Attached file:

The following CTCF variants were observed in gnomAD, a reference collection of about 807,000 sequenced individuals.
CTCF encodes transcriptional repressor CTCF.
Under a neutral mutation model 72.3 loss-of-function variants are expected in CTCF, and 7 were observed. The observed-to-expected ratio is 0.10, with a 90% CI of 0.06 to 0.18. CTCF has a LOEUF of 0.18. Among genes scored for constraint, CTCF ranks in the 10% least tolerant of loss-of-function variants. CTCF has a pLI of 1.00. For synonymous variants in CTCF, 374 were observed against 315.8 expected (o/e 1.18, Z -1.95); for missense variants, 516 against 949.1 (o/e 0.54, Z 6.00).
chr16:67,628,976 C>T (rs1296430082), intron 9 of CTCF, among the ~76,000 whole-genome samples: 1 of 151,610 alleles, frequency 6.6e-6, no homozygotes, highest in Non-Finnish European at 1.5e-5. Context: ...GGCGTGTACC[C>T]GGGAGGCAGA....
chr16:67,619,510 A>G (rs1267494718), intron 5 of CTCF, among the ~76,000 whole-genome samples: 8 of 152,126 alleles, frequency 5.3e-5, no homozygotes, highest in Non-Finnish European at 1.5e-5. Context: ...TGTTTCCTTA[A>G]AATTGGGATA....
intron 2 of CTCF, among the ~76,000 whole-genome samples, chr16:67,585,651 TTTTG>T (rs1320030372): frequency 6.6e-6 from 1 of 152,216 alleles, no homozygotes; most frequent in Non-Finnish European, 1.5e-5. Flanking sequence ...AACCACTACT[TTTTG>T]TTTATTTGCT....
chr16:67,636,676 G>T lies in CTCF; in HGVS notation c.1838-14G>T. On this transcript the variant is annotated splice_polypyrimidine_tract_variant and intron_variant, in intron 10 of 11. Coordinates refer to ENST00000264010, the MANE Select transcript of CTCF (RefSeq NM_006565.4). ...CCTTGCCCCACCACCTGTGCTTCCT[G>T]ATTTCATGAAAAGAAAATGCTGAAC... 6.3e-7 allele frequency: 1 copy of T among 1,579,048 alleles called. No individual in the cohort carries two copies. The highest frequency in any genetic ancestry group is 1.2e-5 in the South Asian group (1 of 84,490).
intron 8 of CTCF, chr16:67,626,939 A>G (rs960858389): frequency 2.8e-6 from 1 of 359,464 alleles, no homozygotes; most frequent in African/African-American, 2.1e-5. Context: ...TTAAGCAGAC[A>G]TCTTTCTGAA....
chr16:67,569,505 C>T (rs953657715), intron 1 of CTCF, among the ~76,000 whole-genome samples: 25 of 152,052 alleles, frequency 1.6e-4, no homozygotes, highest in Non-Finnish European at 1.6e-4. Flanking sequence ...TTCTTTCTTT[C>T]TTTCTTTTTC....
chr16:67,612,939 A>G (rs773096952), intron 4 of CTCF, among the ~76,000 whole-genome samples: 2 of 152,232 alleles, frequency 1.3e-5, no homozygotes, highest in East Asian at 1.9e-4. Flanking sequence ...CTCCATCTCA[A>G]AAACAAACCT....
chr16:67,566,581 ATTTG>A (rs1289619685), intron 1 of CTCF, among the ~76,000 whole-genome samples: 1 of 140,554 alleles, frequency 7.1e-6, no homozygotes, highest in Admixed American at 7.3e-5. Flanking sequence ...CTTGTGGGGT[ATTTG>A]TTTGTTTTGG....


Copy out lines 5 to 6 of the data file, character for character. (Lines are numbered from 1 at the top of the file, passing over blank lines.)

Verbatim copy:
chr16:67,619,510 A>G (rs1267494718), intron 5 of CTCF, among the ~76,000 whole-genome samples: 8 of 152,126 alleles, frequency 5.3e-5, no homozygotes, highest in Non-Finnish European at 1.5e-5. Context: ...TGTTTCCTTA[A>G]AATTGGGATA....
intron 2 of CTCF, among the ~76,000 whole-genome samples, chr16:67,585,651 TTTTG>T (rs1320030372): frequency 6.6e-6 from 1 of 152,216 alleles, no homozygotes; most frequent in Non-Finnish European, 1.5e-5. Flanking sequence ...AACCACTACT[TTTTG>T]TTTATTTGCT....